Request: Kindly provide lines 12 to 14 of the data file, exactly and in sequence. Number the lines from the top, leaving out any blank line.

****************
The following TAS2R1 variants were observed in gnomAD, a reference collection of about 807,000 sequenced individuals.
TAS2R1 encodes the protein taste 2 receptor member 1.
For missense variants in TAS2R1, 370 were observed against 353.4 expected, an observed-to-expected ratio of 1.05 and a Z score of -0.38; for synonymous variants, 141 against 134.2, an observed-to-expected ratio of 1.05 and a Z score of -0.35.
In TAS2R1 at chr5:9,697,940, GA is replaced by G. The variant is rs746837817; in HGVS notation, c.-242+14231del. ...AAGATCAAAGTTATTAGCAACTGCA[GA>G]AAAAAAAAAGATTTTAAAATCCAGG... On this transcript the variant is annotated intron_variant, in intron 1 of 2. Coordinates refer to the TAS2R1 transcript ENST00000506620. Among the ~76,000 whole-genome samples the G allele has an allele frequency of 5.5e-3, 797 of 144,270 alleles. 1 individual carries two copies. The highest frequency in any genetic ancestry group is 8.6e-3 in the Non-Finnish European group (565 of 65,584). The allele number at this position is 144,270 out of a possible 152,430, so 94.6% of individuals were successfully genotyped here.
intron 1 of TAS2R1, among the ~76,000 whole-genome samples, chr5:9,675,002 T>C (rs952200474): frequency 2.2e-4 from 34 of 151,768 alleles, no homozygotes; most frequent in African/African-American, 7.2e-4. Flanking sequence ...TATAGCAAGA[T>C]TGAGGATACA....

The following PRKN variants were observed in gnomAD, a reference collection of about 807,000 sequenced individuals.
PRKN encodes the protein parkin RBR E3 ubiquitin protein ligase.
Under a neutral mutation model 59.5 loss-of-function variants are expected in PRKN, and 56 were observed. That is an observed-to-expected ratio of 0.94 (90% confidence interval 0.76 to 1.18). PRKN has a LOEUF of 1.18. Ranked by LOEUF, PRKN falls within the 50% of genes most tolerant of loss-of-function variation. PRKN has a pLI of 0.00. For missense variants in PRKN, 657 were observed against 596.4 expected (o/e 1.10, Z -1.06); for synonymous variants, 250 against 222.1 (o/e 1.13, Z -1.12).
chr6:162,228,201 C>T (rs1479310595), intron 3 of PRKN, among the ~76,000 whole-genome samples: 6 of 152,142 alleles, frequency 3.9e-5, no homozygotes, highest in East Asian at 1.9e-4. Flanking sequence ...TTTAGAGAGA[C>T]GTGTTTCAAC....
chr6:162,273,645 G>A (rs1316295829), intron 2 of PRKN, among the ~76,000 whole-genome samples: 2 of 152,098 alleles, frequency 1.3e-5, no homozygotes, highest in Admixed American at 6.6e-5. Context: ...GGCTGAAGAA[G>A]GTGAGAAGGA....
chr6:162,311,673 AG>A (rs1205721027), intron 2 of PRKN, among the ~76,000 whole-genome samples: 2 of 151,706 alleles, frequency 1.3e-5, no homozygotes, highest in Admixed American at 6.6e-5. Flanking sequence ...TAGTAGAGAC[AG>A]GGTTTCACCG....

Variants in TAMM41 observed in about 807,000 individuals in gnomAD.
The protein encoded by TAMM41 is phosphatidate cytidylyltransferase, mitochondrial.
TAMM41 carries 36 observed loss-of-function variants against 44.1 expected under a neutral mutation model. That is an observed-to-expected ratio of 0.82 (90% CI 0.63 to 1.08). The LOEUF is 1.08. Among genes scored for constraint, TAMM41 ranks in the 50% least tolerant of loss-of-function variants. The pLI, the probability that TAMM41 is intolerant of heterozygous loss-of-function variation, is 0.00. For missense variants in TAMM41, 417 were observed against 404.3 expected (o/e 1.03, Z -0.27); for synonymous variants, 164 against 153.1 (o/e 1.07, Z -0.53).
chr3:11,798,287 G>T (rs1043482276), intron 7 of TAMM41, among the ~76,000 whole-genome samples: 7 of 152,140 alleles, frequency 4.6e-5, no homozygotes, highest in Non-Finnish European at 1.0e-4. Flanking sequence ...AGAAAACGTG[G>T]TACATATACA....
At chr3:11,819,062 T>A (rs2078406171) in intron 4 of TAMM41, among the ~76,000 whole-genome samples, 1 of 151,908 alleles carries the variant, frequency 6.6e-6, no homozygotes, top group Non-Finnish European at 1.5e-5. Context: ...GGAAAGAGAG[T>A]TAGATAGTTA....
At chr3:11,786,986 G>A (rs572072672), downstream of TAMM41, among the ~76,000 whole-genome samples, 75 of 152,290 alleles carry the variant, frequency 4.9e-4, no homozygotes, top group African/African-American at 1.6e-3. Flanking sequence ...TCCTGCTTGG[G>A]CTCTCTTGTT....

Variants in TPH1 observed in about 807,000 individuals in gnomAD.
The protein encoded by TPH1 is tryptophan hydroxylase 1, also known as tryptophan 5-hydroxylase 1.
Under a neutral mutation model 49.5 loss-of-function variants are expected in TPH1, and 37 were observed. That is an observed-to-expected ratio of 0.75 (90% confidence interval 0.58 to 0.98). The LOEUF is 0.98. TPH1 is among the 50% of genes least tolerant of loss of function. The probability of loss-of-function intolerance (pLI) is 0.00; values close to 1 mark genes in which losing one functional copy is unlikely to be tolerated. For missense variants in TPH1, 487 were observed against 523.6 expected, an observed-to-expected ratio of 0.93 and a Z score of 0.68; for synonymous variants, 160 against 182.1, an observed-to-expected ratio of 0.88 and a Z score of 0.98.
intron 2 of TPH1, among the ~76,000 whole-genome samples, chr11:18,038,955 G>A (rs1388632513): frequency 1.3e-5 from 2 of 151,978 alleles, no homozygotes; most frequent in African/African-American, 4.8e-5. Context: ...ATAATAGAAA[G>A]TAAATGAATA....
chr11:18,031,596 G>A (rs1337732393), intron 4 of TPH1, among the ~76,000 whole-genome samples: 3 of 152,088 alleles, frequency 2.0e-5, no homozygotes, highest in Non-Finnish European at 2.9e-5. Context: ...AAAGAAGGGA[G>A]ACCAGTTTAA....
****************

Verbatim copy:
Variants in TAMM41 observed in about 807,000 individuals in gnomAD.
The protein encoded by TAMM41 is phosphatidate cytidylyltransferase, mitochondrial.
TAMM41 carries 36 observed loss-of-function variants against 44.1 expected under a neutral mutation model. That is an observed-to-expected ratio of 0.82 (90% CI 0.63 to 1.08). The LOEUF is 1.08. Among genes scored for constraint, TAMM41 ranks in the 50% least tolerant of loss-of-function variants. The pLI, the probability that TAMM41 is intolerant of heterozygous loss-of-function variation, is 0.00. For missense variants in TAMM41, 417 were observed against 404.3 expected (o/e 1.03, Z -0.27); for synonymous variants, 164 against 153.1 (o/e 1.07, Z -0.53).